November in Minnesota leans toward cool and gloomy. The weather fits election day. The miasma of months of campaign strategy, political ads, promises made and platforms attacked by the opposing party, and the hoopla of the campaign trail (hugging babies and handshakes all around) hangs heavy by election day. 

Voting clears away the political smoke. One becomes anxious to get to voting day. A crisp tense air is counterpoint to the dull gray November skies.

Election day carries a palpable sense of anticipation. The waiting can be described as a wave of hope but is just as apt to be freighted with worry, doubt and concern.

The slate of candidates have come to their final examination. It's the job of voters to sort through the roster and make their choice.

Much rides on each of our votes. There's excitement. We acknowledge and prepare for the possibility of change-up as we decide for our candidate and settle in to watch the national results as votes are counted.

Good governance is a very great skill. It's also an art. It utilizes compassion and a regard for all things. Leadership qualities, ability to compromise and keen awareness of the needs of our country and its population come into play.

No matter the winner, or which political party loses, each presidential election is an opportunity for America to start over. 

It isn't starting over as one pictures the familiar phrase of throwing the baby out with the bath water. It's the start that comes with school in the fall or the New Year. It's the sense that you have new things to learn and are in a position to grow. The board is clean and all is conceivable and doable.

New thinking comes to bear as the cast of elected officials changes. Additionally and most importantly, as a country which is a democracy, the national vote registers the voice of the American people.

The ballot box adds fresh urgency to programs and initiatives which are at the heart of who we are. As signified through the vote it's the clear note of the lived American experience.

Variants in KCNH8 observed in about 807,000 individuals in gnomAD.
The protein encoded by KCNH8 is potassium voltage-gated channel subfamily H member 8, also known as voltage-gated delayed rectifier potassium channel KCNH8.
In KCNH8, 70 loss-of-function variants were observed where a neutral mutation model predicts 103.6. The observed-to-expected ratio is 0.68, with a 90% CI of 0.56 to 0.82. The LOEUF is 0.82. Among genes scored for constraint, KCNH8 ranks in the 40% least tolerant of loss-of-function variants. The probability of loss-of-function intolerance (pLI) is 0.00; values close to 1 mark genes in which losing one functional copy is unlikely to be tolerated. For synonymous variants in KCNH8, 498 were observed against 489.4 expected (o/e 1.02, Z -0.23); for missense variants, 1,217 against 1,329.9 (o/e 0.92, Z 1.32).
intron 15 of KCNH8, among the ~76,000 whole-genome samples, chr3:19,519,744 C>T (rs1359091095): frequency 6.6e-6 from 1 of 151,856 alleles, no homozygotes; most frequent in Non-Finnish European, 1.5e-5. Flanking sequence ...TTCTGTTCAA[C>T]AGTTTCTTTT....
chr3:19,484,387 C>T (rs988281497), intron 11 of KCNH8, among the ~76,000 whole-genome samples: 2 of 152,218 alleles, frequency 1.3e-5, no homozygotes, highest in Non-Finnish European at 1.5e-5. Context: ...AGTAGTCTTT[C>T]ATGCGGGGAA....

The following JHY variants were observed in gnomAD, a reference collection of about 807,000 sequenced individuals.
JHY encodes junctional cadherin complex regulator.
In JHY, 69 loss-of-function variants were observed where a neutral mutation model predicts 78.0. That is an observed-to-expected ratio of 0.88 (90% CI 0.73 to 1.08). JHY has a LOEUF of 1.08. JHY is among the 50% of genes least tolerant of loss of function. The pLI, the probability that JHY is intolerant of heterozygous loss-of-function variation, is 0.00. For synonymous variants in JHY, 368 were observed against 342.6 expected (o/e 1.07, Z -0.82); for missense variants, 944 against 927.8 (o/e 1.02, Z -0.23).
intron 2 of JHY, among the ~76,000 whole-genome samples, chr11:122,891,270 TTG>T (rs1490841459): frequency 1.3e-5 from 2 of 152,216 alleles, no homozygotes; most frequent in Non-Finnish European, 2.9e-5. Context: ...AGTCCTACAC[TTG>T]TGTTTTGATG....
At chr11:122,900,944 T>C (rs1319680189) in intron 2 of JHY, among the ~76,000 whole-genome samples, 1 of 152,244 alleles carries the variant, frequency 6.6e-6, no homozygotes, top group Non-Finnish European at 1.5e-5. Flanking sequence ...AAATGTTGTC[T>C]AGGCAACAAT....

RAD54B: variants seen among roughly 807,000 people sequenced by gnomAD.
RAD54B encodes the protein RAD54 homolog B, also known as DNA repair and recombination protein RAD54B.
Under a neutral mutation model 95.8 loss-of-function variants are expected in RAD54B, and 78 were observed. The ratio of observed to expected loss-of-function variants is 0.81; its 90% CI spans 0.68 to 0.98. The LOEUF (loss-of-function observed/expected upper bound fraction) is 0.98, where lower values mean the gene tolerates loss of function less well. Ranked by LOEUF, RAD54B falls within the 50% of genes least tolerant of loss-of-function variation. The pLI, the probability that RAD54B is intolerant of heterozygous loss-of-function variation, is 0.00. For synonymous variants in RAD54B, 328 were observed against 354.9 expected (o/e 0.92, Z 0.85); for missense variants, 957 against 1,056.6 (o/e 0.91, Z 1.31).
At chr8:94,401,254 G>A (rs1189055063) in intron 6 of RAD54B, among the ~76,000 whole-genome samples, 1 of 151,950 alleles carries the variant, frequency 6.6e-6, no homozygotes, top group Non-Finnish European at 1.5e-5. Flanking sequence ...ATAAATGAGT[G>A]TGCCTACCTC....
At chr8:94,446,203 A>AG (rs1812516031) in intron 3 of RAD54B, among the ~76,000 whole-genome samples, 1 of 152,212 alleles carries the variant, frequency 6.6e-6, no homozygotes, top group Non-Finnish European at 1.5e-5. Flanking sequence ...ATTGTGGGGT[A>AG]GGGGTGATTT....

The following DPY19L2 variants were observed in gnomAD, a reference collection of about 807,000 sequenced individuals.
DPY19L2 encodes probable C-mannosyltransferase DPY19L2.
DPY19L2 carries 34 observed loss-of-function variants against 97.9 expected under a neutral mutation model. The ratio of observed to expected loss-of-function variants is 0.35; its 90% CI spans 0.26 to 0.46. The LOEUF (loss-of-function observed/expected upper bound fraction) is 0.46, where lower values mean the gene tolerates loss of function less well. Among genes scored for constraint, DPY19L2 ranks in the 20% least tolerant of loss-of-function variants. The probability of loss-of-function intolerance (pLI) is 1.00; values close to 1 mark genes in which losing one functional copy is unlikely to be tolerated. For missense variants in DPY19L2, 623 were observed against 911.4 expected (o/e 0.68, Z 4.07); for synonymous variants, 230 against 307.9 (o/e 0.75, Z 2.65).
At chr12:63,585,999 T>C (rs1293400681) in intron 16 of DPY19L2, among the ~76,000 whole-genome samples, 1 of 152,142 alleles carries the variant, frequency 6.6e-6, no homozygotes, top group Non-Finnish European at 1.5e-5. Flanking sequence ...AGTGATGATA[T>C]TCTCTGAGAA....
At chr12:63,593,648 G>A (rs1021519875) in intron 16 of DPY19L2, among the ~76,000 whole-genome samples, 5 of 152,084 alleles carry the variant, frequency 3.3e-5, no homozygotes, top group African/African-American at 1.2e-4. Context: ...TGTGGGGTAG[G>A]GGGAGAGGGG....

A new start is what I look forward to. The 2012 presidential election is history. Let's get cooking. Let's go to it.

My hope is that elected officials set aside partisanship to concentrate on the imposing workload ahead. These are weighty tasks. They ask to be solved with a unified spirit.

It'll take everything each person has to give. Nothing else will do. In only one area should our elected officials be uncompromising and that's in the pledge to keep at it until compromises can be reached and solutions can go forward. 

It means putting personal or party interests in their place to put America first.

The mission, tacitly accepted by last Tuesday's declared winners, can easily be summed up. Work together and we make things happen. Wrangle, refuse to work together and come to a dead end.

We're not a dead-end country. The United States has always looked to the future. We face forward while building from strengths each generation lays down out. 

Our American government was founded by visionaries and pragmatists. They came out of separate colonies. They could have resisted working together for fear their colony might have to forfeit to another colony's gain.

This body of men had a higher sense of the order of things. They recognized that nothing could be achieved by standing alone. They resolved that in unity they would stand. From this brilliance of philosophy came the United States of America. 

Be reminded that our nation's initials don't spell YOU. They don't spell ME. They spell US. May our newly elected officials attest to this fact as they put their best to the task before them.

Ro Giencke - November 12, 2012